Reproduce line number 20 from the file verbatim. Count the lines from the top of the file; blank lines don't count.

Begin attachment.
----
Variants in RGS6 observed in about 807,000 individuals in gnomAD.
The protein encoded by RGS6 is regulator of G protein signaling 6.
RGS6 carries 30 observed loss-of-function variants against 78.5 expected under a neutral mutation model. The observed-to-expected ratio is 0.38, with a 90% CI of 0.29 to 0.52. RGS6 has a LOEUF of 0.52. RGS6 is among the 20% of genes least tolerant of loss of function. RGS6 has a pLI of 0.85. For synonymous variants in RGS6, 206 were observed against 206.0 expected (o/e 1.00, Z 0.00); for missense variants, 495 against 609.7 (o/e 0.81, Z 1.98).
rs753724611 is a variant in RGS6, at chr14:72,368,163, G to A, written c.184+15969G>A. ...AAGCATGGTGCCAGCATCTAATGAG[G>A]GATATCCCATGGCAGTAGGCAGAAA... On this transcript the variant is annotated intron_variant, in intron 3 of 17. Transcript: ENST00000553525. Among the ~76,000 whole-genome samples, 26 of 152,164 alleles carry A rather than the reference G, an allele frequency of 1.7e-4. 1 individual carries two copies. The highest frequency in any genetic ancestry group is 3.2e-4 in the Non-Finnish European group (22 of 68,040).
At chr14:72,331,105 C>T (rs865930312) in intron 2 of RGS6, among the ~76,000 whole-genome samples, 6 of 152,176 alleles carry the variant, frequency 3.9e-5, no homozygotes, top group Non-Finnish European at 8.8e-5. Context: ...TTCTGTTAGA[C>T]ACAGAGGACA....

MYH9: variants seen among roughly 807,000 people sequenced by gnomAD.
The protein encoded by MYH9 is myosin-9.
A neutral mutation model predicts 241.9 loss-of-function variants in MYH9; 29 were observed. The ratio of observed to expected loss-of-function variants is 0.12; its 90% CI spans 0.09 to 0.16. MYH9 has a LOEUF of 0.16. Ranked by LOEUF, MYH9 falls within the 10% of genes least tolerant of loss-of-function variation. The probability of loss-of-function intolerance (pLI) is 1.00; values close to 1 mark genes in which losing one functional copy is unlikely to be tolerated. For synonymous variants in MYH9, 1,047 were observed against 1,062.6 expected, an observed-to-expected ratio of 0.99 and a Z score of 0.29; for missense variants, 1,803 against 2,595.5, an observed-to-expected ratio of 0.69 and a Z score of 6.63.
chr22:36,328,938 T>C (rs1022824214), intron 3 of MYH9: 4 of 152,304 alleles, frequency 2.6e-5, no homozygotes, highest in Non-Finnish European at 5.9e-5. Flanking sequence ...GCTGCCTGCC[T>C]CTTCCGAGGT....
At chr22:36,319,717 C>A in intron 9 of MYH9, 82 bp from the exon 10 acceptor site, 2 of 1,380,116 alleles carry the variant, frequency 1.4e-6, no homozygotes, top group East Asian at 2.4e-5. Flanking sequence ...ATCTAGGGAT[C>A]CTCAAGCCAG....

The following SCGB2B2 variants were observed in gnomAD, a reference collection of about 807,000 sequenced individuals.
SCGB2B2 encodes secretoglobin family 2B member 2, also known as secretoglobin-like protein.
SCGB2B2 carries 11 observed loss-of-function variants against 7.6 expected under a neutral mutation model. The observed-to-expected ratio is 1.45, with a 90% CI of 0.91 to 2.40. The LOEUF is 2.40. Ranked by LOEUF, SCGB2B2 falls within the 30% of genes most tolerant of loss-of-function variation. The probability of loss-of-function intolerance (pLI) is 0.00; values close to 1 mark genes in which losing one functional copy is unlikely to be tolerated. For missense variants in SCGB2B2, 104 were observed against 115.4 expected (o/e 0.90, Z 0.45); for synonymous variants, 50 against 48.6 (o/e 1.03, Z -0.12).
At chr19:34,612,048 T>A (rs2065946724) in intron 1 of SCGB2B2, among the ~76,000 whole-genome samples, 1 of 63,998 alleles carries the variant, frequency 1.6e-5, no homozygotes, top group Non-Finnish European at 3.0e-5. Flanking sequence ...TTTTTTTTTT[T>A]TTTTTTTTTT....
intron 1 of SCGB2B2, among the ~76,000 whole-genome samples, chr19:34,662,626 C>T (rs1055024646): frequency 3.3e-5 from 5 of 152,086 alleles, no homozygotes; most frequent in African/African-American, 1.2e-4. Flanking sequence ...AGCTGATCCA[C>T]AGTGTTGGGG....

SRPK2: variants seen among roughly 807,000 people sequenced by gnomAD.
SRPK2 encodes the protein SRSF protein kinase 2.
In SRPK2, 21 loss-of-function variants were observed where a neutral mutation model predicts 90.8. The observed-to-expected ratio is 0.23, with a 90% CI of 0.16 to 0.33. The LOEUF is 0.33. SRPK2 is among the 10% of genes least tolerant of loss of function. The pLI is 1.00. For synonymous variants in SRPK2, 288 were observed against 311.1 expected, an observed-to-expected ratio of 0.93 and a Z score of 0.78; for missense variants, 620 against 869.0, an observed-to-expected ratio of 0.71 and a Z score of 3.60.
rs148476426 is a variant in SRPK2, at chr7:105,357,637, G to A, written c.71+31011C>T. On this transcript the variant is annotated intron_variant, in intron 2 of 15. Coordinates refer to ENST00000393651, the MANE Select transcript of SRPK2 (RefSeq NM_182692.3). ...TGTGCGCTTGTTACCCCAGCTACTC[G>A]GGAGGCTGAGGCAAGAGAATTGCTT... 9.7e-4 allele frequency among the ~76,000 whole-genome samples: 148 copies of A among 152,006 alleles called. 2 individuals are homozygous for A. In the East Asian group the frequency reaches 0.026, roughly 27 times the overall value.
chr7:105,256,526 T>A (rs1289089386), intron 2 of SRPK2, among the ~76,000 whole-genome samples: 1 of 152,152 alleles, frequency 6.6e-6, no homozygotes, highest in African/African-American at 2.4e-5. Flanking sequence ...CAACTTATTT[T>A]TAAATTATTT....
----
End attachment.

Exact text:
chr7:105,256,526 T>A (rs1289089386), intron 2 of SRPK2, among the ~76,000 whole-genome samples: 1 of 152,152 alleles, frequency 6.6e-6, no homozygotes, highest in African/African-American at 2.4e-5. Flanking sequence ...CAACTTATTT[T>A]TAAATTATTT....